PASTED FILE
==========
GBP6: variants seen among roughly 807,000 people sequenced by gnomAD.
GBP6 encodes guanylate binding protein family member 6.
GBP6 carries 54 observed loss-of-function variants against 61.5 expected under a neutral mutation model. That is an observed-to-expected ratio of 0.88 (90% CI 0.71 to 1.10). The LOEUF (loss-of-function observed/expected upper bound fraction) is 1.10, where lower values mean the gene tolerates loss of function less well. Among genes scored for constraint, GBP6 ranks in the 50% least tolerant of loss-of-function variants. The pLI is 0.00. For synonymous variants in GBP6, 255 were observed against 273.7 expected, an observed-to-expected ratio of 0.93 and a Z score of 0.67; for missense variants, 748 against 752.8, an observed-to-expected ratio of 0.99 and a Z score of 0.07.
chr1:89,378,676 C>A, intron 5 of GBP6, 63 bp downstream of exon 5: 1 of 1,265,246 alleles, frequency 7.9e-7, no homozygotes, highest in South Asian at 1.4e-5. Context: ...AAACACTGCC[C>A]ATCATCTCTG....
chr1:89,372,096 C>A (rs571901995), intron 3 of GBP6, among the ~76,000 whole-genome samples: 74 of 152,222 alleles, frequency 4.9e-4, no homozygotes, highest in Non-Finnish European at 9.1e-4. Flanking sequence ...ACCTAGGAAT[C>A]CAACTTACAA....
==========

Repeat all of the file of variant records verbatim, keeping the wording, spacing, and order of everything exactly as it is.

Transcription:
GBP6: variants seen among roughly 807,000 people sequenced by gnomAD.
GBP6 encodes guanylate binding protein family member 6.
GBP6 carries 54 observed loss-of-function variants against 61.5 expected under a neutral mutation model. That is an observed-to-expected ratio of 0.88 (90% CI 0.71 to 1.10). The LOEUF (loss-of-function observed/expected upper bound fraction) is 1.10, where lower values mean the gene tolerates loss of function less well. Among genes scored for constraint, GBP6 ranks in the 50% least tolerant of loss-of-function variants. The pLI is 0.00. For synonymous variants in GBP6, 255 were observed against 273.7 expected, an observed-to-expected ratio of 0.93 and a Z score of 0.67; for missense variants, 748 against 752.8, an observed-to-expected ratio of 0.99 and a Z score of 0.07.
chr1:89,378,676 C>A, intron 5 of GBP6, 63 bp downstream of exon 5: 1 of 1,265,246 alleles, frequency 7.9e-7, no homozygotes, highest in South Asian at 1.4e-5. Context: ...AAACACTGCC[C>A]ATCATCTCTG....
chr1:89,372,096 C>A (rs571901995), intron 3 of GBP6, among the ~76,000 whole-genome samples: 74 of 152,222 alleles, frequency 4.9e-4, no homozygotes, highest in Non-Finnish European at 9.1e-4. Flanking sequence ...ACCTAGGAAT[C>A]CAACTTACAA....